Television and filmVan McCoy appeared on the Mike Douglas Show and was a regular guest on the Tonight Show. He wrote and sung the theme song for the movie Sextette that starred Mae West and Timothy Dalton and even made a cameo appearance in it, playing a delegate from Africa. He also contributed some music for A Woman Called Moses, the TV classic that starred Cicely Tyson.Along with Faith Hope & Charity, Brass Construction and Johnny Dark, he appears in episode 4.20 of Don Kirshner's Rock Concert.
Mainstream successIn 1975, McCoy released to low expectations the mostly instrumental LP Disco Baby for the Avco (later H&L) label. It should be noted, however, that the title song, "Disco Baby", was written by David Weiss and Hugo & Luigi, and performed by the Stylistics. Unexpectedly, a single called "The Hustle" from the album, written about the dance of the same name and recorded last for the album, went to the very top of both the Billboard pop and R&B charts (also #3 in Britain) and won a Grammy. The album was also Grammy nominated. McCoy, then regarded a disco hitmaker, never repeated the success of the song, although the singles "Party", "That's the Joint", and "Change with the Times" got significant airplay. The latter reached #6 in the Billboard R&B chart and was a Top 40 hit in the UK. There were no further major sellers in the USA, despite a series of follow-up albums, From Disco to Love (the 1975 reissue of Soul Improvisations), The Disco Kid (1975), The Real McCoy (1976), Rhythms of the World (1976), My Favorite Fantasy (1978), Lonely Dancer (1979), and Sweet Rhythm (1979)). However, he scored the UK top 5 again during 1977 with the instrumental success "The Shuffle".
Van also had major success with former Temptation David Ruffin's comeback LP, Who I Am, featuring "Walk Away from Love", a number 1 R&B hit (#9 pop) in the USA and a UK Top 5 success. He went on to produce the next two albums for David Ruffin, which spawned further successes. McCoy produced Gladys Knight and The Pips' Still Together LP, and for Melba Moore ("This Is It" and "Lean on Me"). He discovered Faith, Hope And Charity, whose major success in 1975, "To Each His Own", was another R&B chart-topper for him.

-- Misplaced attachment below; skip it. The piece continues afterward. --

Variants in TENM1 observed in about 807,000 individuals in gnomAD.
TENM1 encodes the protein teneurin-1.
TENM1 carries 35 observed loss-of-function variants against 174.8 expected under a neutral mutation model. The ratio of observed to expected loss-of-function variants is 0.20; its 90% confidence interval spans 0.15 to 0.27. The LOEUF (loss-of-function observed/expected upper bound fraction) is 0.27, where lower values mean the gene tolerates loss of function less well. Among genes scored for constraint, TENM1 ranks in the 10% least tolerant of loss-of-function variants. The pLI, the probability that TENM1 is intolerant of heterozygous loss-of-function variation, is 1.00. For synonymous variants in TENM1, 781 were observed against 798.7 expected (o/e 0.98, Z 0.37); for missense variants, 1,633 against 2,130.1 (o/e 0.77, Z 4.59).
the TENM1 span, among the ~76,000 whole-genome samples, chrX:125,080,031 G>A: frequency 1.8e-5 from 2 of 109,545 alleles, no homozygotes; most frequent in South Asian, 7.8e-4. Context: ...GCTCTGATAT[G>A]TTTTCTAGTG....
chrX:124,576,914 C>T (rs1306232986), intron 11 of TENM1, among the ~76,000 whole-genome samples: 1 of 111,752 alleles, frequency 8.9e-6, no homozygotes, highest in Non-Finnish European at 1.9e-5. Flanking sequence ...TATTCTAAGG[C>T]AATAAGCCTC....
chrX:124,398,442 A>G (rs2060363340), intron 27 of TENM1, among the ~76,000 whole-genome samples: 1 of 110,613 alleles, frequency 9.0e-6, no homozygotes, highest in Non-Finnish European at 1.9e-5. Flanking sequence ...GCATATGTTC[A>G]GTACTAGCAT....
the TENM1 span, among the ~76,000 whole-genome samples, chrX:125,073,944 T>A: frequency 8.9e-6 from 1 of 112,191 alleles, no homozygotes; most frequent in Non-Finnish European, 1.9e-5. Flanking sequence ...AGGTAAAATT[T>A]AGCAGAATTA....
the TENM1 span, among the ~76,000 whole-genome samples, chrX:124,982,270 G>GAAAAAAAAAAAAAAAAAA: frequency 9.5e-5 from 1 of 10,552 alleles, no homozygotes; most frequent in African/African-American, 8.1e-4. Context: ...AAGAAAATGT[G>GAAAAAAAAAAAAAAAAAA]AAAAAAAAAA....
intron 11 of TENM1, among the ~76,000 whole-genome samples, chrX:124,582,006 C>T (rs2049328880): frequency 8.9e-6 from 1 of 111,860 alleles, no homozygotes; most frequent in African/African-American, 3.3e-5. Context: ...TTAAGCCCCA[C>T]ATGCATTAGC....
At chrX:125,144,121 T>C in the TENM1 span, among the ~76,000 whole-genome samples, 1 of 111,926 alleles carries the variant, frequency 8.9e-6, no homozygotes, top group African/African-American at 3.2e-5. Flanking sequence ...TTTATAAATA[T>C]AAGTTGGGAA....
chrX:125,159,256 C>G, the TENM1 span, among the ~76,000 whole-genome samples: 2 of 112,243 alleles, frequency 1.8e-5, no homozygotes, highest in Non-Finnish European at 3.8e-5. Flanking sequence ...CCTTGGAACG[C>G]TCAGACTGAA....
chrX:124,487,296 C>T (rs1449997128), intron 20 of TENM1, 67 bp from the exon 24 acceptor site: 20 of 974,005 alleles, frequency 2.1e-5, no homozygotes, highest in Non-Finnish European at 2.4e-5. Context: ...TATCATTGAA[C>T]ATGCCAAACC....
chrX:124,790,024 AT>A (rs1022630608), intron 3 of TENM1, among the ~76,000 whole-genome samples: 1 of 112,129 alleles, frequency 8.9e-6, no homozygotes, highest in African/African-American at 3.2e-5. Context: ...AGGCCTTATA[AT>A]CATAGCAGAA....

DeathMcCoy died from a heart attack in Englewood, New Jersey on July 6, 1979, at the age of 39.
- Never Trust A Friend / Mr DJ - Rock'n Records 101
- It Ain't No Big Thing / Love Can Mess Up Your Mind - Rockway Records R-711 - 1963
- Baby Don't Tease Me / Girls Are Sentimental - Rock'n REcords 1012
- I'll Wait For You / The House That Love Built - Columbia 4-43694 - 1966
- To Make My father Proud (To make My Mother Smile) / Where There’s A Heartache (There Must Be A Heart) Did My Baby Turn Bad - CGC Records 115
- Follow Your Heat / Lonely - Liberty F-55457
- I Started A Joke / Tony's Theme - Epic 10470 - 1969
- Soul Improvisations (Part 1) / Soul Improvisations (Part 2) - Buddah Records BDS 418 - 1974
- Change With The Times / Good Night, Baby - Avco Records AV 4660 - 1975
- Party / The Disco Kid - H&L Records HL-4670 - 1976
- Night Walk / Love Child - H&L Records - HL-4667 - 1975
- The Shuffle / That's The Joint - H&L REcords HL-4677 - 1976
- Soul Cha Cha / Oriental Boogie - H&L Records HL-4682 - 1976
- My Favourite Fantasy / You're So Right For Me - MCA MCA 370 - 1978
- Lonely Dancer / Decisions - MCA Records MCA 40984 - 1978 Van McCoy & The Soul City Symphony
- Killing Me Softly / Love Is The Answer - Avco Records AV-4639 - 1974
- Boogie Down / A Rainy Night In Gerogia - Avco 4648 - 1974
- The Hustle / Get Dancin' - Avco 6105 037 - 1975
- Night Time Is Lonely Time - Columbia CL 2497 - 1966
- Soul Improvisations - Buddah BDS 5103 - 1972
- Love Is The Answer Avco AV-69002-698 - 1974
- Disco Baby - Avco AV-69006-698 - 1975
- The Disco Kid - Avco AV-69009-698 - 1975
- From Disco To Love - Buddah Records BDS 5648 - 1975
- The Real McCoy - H&L Records HL-69012-698 - 1976
- Rhythms Of The World H&L Records HL-69014-698 - 1976
- Van McCoy And His Magnificent Movie Machine - H&L Records HL-69022-698 - 1977
- My Favourite Fantasy - MCA Records MCA 3036 - 1978
- Lonely Dancer - MCA Records MCA 3071 - 1979
- Sweet Rhythm - H&L Records H&L 6467 651 - 1979 (UK)